Tips for connecting with your first born after a new sibling is born
“I am in need of some advice. My oldest, 8, has been having extremely explosive tantrums over every single little thing. I’m already at my limit and so I have a hard time not losing it. I try to remain calm for the most part but the screeching crying drives me insane. I don’t know how to help her. I try to comfort her, she pushes me away. If I try to talk with her, she just cries. I had another baby 18 months ago and I know it has been hard for her (my oldest). She feels as though I like the baby more. I constantly tell her how awesome she is and how proud I am of her but it doesn’t seem to be enough. It’s just a hard time right now and we are so out of sync. Do you have any quick suggestions on how I can connect with her? It was so much easier when she was younger but I feel like I’ve lost my way.”
Adjusting to a new sibling:
Adjusting to a new sibling + sharing mom can be one of the hardest transitions for kids and families. Kids are used to having you to themselves. To play with, talk with, snuggle with, when they need help, the majority of the time. We all know that new babies literally need us for almost everything under the sun, which requires our time and energy and the first born can be feeling so left out and like they’ve been replaced. While they’re feeling hurt, they might not know how to process these emotions and cope with it or express it. I can remember my daughter lying on the floor in the middle of the hallway hysterically crying because I had to stop playing with her to feed my newborn son. She was screaming “my mommy never plays with me anymore!” over and over. It was frustrating for both of us, and also heartbreaking. How must it feel to be a child and feel like you’ve been replaced?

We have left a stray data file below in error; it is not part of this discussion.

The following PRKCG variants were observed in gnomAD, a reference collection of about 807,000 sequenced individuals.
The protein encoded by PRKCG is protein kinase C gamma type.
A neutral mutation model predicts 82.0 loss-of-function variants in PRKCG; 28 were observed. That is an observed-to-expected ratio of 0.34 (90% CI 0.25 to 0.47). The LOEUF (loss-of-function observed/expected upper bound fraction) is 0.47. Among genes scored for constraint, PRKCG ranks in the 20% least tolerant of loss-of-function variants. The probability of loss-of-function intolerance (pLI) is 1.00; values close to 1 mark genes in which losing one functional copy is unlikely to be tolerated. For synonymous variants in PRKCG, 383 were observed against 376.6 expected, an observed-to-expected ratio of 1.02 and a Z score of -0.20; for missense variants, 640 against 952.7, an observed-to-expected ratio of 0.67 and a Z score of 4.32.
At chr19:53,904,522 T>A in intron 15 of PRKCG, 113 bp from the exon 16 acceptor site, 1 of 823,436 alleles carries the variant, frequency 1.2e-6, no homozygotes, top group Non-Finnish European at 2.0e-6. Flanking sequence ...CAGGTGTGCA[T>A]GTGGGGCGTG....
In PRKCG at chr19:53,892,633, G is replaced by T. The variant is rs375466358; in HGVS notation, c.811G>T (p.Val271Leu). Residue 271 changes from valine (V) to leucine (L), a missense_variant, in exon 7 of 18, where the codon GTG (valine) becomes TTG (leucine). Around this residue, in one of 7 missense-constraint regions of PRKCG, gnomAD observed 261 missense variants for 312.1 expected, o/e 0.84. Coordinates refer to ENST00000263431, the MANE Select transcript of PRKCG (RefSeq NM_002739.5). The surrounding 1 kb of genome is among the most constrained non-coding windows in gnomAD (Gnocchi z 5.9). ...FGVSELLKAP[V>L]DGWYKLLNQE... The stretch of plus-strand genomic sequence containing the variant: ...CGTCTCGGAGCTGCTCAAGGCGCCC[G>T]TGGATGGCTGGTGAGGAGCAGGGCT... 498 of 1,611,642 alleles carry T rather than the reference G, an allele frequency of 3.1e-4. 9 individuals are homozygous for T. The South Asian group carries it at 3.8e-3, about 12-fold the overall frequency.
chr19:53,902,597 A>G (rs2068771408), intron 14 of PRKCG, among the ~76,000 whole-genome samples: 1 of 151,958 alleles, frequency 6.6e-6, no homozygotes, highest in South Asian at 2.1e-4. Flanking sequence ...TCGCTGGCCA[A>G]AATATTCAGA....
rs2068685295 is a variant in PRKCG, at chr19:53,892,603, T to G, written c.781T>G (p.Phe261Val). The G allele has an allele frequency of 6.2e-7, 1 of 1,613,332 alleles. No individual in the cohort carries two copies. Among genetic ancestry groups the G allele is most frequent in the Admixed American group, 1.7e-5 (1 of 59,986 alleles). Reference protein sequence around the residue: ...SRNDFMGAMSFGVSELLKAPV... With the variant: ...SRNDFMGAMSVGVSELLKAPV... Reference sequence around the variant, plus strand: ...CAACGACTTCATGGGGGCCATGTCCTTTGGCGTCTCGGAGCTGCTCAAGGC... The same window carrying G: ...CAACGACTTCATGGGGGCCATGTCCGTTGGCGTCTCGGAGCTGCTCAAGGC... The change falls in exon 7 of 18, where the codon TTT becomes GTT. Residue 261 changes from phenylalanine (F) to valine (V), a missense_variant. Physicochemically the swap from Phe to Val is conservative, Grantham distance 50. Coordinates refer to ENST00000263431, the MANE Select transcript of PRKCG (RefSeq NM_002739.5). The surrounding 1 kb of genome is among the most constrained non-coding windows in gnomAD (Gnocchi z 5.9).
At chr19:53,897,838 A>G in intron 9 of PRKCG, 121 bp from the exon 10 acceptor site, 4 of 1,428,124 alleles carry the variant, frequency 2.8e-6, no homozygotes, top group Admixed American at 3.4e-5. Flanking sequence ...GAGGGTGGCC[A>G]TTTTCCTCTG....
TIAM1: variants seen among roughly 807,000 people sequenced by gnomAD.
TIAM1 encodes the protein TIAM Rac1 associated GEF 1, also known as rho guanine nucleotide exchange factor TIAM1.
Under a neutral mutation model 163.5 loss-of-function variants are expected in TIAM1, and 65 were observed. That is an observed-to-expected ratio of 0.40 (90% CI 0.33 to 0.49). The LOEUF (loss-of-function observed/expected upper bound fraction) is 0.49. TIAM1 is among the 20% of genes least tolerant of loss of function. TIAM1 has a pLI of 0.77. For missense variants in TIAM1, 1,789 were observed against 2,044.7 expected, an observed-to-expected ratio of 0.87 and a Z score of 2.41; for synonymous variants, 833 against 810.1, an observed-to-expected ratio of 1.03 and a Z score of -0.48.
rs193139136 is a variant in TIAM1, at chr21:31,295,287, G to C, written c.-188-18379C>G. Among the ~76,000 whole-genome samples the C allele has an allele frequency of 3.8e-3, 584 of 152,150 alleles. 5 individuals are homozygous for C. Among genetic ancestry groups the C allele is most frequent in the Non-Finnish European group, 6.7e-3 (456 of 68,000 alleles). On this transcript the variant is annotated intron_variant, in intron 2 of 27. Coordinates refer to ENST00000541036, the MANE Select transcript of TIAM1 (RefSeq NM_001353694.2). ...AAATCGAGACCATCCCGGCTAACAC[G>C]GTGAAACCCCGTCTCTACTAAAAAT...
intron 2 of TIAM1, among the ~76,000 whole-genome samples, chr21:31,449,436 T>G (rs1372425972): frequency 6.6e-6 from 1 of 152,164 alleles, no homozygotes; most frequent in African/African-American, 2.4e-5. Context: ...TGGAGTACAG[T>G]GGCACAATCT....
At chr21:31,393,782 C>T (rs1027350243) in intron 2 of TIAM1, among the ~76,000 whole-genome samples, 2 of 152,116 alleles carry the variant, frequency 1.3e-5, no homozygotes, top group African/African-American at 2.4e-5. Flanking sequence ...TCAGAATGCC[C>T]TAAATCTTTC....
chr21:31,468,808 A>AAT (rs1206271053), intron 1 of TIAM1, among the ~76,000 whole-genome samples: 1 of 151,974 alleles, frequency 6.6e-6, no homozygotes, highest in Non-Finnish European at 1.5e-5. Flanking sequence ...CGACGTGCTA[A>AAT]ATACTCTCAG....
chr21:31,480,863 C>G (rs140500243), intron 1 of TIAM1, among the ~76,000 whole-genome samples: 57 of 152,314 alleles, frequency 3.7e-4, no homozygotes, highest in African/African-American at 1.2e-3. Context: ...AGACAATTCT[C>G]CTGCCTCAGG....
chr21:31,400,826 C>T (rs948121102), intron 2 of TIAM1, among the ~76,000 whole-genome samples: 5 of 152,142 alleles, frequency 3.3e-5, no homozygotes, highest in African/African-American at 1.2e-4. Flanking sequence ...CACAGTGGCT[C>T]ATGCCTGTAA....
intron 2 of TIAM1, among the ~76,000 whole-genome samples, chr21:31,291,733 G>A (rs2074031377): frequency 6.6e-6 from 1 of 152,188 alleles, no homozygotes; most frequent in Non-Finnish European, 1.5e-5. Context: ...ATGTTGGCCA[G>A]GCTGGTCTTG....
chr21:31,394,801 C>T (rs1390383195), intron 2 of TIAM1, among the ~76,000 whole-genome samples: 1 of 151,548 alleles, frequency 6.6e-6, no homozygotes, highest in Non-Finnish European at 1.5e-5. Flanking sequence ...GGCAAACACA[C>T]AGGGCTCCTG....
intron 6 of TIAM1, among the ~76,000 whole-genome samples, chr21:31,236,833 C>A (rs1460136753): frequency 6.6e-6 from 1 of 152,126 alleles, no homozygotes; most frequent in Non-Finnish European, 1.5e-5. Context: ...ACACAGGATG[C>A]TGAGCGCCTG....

The power of connecting with your kids:
What do your mornings look like?
How often are you able to give 1-1 undivided attention.
Usually the times kids need the most attention/connection are the times above (first thing in the morning, after school, before bed). Anytime right before or after a separation from you. I encourage you to set aside a few minutes during these transitions to connect with her. It can be as simple as waking up 5-10 minutes earlier to spend time together before she starts getting ready for school. Snuggling in bed, reading a book, talking about her dream or the day ahead. Reading or playing a game or talking about whatever SHE wants before bed. And once in a while, go on date with just you and her. Let her know that you are setting aside special time for her just for the two of you so she will recognize how meaningful it is. When kids feel connected to us, they are more likely to feel secure and less likely to seek undue attention through behavior.
When they’re in the middle of a tantrum and you feel like they’re losing it, I’ve found it helpful to simply acknowledge that you see how mad/sad/frustrated/whatever they are feeling, and let them know you’re feeling frustrated too. Tell them you’re going to walk away because you don’t think well when you’re mad, and you don’t want to yell, so you’ll come back and check on them when you’re both calm.